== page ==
Temperatures in Europe, North America, and Asia plummeted this winter and continue to surprise us with record lows in February. Will global warming bring us much-needed warmth?
In November last year, the mercury dropped below average in many parts of the United States and Canada. An inversion of the “polar vortex” was said to be the chief cause.
December and January saw record low temperatures across the Northern hemisphere. In North America, cities such as Chicago, New York, Bloomington, and Toronto all recorded new lows for individual days. Windsor, Canada, had a record snowfall of 18.4 centimetres on February 9. The same week saw many parts of Alberta and British Columbia also receive record snowfall.
Toward the eastern end of the Eurasian land mass, China experienced severe cold aggravated by the country’s temporary coal-burning ban that left local residents without heat. Nearly a thousand fishing boats for marine farming are surrounded by sea ice in Jinshitan Fishing Port, in northeastern China’s Liaoning Province. In Tokyo, the low dropped to -0.7C on February 12—the coldest for that date since 1974. Tokyo’s mean temperature for January was among the lowest in recorded history, -0.22C below usual.
Toward the western end of the Eurasian land mass, Moscow registered record snow (15 inches) for a single calendar day in February 2018, surpassing the previous record set in 1957. Thousands of tourists were trapped in the Swiss mountain area of Zermatt by unprecedented snow that cut off many villages and disrupted electricity supply. Many regions of Spain experienced below-average temperatures for the first half of February.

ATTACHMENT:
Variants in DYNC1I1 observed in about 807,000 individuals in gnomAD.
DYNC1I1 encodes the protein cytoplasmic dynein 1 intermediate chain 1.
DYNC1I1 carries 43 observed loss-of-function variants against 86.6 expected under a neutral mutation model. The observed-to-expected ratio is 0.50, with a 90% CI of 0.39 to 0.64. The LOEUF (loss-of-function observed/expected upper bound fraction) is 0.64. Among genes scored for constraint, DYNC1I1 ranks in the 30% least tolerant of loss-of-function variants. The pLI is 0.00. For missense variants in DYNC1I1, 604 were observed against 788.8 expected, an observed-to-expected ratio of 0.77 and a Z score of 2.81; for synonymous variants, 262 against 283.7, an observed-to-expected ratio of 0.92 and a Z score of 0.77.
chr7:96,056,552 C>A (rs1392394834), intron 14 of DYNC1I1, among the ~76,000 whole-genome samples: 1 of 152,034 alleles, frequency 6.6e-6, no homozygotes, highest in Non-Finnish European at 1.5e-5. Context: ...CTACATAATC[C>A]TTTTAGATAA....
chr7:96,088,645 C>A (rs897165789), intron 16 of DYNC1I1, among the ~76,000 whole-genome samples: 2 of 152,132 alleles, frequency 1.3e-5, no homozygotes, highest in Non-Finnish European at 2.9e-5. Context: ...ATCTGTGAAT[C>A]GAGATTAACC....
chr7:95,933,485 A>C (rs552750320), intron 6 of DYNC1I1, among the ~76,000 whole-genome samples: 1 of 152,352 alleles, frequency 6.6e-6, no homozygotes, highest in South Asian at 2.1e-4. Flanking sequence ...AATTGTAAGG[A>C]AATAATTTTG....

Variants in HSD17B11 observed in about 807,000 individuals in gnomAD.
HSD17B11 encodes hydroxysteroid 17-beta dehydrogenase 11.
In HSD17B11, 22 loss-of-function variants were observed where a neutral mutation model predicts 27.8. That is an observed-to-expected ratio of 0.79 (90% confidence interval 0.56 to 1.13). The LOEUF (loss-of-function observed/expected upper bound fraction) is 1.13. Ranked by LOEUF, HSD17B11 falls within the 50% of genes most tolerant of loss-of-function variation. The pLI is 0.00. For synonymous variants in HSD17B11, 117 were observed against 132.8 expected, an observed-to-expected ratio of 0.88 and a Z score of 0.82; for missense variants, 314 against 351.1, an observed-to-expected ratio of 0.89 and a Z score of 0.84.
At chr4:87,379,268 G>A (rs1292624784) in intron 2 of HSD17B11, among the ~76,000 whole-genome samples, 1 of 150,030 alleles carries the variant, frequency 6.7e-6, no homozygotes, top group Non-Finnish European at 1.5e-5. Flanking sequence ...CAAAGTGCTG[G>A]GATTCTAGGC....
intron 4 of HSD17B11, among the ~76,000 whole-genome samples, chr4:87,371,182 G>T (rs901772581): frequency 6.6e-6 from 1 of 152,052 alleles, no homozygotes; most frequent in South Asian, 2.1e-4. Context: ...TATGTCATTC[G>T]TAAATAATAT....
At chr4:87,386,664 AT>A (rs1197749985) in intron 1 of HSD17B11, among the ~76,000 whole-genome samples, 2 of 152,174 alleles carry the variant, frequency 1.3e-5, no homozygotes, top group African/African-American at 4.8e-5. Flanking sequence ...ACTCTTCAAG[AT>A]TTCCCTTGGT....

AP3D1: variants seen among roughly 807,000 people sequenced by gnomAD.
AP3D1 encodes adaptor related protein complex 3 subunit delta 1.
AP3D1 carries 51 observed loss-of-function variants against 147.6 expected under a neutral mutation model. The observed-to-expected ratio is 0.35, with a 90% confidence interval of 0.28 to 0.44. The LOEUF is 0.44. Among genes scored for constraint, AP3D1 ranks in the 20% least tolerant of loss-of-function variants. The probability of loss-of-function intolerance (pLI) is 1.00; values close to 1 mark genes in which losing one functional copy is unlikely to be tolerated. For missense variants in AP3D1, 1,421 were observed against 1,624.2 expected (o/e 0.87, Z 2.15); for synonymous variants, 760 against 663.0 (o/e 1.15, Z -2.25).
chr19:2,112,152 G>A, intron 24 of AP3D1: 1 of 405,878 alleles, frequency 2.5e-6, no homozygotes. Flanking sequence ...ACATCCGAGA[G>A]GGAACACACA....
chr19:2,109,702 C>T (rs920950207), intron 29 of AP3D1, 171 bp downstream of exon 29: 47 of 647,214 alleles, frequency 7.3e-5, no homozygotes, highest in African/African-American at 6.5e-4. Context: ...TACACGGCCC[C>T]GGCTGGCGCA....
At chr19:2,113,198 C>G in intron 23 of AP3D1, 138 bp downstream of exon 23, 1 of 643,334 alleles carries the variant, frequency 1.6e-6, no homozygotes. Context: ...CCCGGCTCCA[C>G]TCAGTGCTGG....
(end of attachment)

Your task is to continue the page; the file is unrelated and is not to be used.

In January, tropical atmospheric temperature dropped drastically—the third largest tropical temperature drop— to the pre-El Niño levels of 2012.
But will global warming raise us back to where we were in 2016—which with 1998 and 2017 was one of the three warmest years on record?
With the onset of La Niña (cooling of ocean temperatures), that is highly unlikely. Instead, there will likely be no extreme warming on a global scale, continuing the trend of the past 20 years, during which global temperature has largely remained steady despite a monumental increase in carbon dioxide emissions.
Some academicians predict, using solar activity, that we are approaching a new solar minimum (a period of very low solar activity, like the Maunder Minimum, which drove the Little Ice Age of about 1645 to 1715), but it is too early to predict that.
But for this year, at least, it looks like cooling has taken over the world!
Vijay Jayaraj (M.Sc., Environmental Science, University of East Anglia, England), Research Associate for Developing Countries for the Cornwall Alliance for the Stewardship of Creation, lives in Coimbatore, India.